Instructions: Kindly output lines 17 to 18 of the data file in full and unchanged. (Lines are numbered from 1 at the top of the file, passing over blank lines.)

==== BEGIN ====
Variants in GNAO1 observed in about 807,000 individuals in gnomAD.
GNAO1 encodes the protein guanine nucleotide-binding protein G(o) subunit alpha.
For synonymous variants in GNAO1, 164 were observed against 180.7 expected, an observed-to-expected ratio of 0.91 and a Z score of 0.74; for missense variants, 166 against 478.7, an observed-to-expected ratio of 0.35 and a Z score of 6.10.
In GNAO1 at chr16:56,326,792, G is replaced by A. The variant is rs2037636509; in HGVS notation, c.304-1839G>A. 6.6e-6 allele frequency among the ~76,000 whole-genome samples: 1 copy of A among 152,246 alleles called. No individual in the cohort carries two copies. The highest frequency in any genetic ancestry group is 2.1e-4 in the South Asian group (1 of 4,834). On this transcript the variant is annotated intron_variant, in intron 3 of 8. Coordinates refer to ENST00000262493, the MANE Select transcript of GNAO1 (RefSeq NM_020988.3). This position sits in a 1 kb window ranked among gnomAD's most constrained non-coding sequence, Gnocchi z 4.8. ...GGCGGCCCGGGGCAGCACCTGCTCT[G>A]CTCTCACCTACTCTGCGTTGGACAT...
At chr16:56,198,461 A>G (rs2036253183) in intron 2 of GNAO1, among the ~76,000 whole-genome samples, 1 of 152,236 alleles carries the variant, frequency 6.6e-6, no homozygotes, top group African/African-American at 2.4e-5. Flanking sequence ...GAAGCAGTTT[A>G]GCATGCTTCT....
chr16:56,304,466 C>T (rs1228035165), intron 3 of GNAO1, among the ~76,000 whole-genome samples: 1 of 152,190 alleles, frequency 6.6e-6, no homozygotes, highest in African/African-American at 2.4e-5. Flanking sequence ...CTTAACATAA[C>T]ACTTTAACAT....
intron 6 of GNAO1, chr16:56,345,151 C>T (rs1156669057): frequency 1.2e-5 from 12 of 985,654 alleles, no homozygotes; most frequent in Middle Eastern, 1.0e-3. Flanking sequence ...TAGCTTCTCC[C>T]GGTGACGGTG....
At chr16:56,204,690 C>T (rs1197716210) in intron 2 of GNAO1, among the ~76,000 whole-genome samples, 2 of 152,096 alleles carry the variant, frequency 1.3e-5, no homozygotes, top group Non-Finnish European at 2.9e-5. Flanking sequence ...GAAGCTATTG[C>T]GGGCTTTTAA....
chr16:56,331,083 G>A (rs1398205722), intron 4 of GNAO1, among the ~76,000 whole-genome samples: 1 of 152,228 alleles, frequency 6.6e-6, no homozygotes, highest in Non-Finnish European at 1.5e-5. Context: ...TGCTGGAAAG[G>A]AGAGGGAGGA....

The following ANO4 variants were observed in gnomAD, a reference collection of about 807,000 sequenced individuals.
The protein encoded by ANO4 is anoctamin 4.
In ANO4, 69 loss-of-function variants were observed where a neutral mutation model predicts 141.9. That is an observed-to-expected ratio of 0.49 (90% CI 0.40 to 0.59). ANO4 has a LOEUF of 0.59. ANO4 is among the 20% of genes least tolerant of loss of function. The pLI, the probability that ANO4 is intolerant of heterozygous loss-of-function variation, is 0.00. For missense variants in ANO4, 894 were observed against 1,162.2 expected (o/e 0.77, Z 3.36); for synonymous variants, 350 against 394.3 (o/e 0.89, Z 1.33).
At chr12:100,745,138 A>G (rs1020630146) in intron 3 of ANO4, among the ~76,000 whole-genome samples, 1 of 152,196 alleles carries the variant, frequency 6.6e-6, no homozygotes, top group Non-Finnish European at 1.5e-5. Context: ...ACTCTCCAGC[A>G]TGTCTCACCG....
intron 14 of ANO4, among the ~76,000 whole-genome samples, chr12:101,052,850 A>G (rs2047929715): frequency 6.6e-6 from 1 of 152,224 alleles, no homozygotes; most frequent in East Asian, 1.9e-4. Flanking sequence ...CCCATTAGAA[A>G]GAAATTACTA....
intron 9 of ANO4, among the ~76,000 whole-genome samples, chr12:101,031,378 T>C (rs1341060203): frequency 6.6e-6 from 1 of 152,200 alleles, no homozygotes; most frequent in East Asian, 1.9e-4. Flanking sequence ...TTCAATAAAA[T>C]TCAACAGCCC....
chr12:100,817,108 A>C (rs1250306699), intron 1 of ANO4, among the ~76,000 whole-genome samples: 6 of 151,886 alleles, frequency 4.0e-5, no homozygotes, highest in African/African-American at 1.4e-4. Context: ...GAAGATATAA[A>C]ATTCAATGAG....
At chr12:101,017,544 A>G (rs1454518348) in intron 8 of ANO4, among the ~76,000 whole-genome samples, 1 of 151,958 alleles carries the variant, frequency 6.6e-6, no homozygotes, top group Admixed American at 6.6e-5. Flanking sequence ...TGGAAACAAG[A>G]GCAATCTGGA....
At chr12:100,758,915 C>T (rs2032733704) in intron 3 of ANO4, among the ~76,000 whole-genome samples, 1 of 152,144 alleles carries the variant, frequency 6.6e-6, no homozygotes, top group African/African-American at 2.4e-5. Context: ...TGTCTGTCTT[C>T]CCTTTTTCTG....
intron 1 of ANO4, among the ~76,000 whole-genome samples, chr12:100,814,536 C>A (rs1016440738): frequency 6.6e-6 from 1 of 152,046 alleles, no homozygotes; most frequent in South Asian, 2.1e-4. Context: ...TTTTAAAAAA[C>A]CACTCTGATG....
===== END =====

At chr12:101,017,544 A>G (rs1454518348) in intron 8 of ANO4, among the ~76,000 whole-genome samples, 1 of 151,958 alleles carries the variant, frequency 6.6e-6, no homozygotes, top group Admixed American at 6.6e-5. Flanking sequence ...TGGAAACAAG[A>G]GCAATCTGGA....
At chr12:100,758,915 C>T (rs2032733704) in intron 3 of ANO4, among the ~76,000 whole-genome samples, 1 of 152,144 alleles carries the variant, frequency 6.6e-6, no homozygotes, top group African/African-American at 2.4e-5. Context: ...TGTCTGTCTT[C>T]CCTTTTTCTG....